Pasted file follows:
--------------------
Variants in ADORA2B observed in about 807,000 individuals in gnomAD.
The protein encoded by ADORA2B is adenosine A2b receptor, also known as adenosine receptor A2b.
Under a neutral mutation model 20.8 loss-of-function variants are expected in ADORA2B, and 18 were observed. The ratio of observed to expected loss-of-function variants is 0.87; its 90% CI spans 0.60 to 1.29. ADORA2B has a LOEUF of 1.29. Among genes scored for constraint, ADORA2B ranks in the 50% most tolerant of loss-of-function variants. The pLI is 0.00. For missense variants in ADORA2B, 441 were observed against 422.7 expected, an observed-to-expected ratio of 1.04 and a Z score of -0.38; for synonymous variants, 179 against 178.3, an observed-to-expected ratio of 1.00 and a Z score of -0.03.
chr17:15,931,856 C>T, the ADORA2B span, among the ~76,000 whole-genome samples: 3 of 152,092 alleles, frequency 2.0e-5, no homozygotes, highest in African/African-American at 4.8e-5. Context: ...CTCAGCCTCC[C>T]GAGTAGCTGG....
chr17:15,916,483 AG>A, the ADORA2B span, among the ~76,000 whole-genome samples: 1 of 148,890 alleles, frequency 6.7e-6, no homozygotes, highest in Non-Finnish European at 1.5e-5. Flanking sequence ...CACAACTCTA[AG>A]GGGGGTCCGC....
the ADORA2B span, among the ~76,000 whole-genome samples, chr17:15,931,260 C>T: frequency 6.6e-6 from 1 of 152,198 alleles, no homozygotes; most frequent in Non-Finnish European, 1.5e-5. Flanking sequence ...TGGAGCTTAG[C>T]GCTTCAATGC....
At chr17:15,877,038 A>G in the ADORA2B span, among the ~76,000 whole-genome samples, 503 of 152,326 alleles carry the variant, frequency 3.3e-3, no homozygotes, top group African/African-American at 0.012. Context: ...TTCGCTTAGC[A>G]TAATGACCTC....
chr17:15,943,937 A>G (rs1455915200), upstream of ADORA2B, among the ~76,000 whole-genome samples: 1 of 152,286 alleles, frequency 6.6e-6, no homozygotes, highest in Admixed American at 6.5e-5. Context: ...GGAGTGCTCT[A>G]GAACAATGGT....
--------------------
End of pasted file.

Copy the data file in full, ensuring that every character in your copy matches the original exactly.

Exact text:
Variants in ADORA2B observed in about 807,000 individuals in gnomAD.
The protein encoded by ADORA2B is adenosine A2b receptor, also known as adenosine receptor A2b.
Under a neutral mutation model 20.8 loss-of-function variants are expected in ADORA2B, and 18 were observed. The ratio of observed to expected loss-of-function variants is 0.87; its 90% CI spans 0.60 to 1.29. ADORA2B has a LOEUF of 1.29. Among genes scored for constraint, ADORA2B ranks in the 50% most tolerant of loss-of-function variants. The pLI is 0.00. For missense variants in ADORA2B, 441 were observed against 422.7 expected, an observed-to-expected ratio of 1.04 and a Z score of -0.38; for synonymous variants, 179 against 178.3, an observed-to-expected ratio of 1.00 and a Z score of -0.03.
chr17:15,931,856 C>T, the ADORA2B span, among the ~76,000 whole-genome samples: 3 of 152,092 alleles, frequency 2.0e-5, no homozygotes, highest in African/African-American at 4.8e-5. Context: ...CTCAGCCTCC[C>T]GAGTAGCTGG....
chr17:15,916,483 AG>A, the ADORA2B span, among the ~76,000 whole-genome samples: 1 of 148,890 alleles, frequency 6.7e-6, no homozygotes, highest in Non-Finnish European at 1.5e-5. Flanking sequence ...CACAACTCTA[AG>A]GGGGGTCCGC....
the ADORA2B span, among the ~76,000 whole-genome samples, chr17:15,931,260 C>T: frequency 6.6e-6 from 1 of 152,198 alleles, no homozygotes; most frequent in Non-Finnish European, 1.5e-5. Flanking sequence ...TGGAGCTTAG[C>T]GCTTCAATGC....
At chr17:15,877,038 A>G in the ADORA2B span, among the ~76,000 whole-genome samples, 503 of 152,326 alleles carry the variant, frequency 3.3e-3, no homozygotes, top group African/African-American at 0.012. Context: ...TTCGCTTAGC[A>G]TAATGACCTC....
chr17:15,943,937 A>G (rs1455915200), upstream of ADORA2B, among the ~76,000 whole-genome samples: 1 of 152,286 alleles, frequency 6.6e-6, no homozygotes, highest in Admixed American at 6.5e-5. Context: ...GGAGTGCTCT[A>G]GAACAATGGT....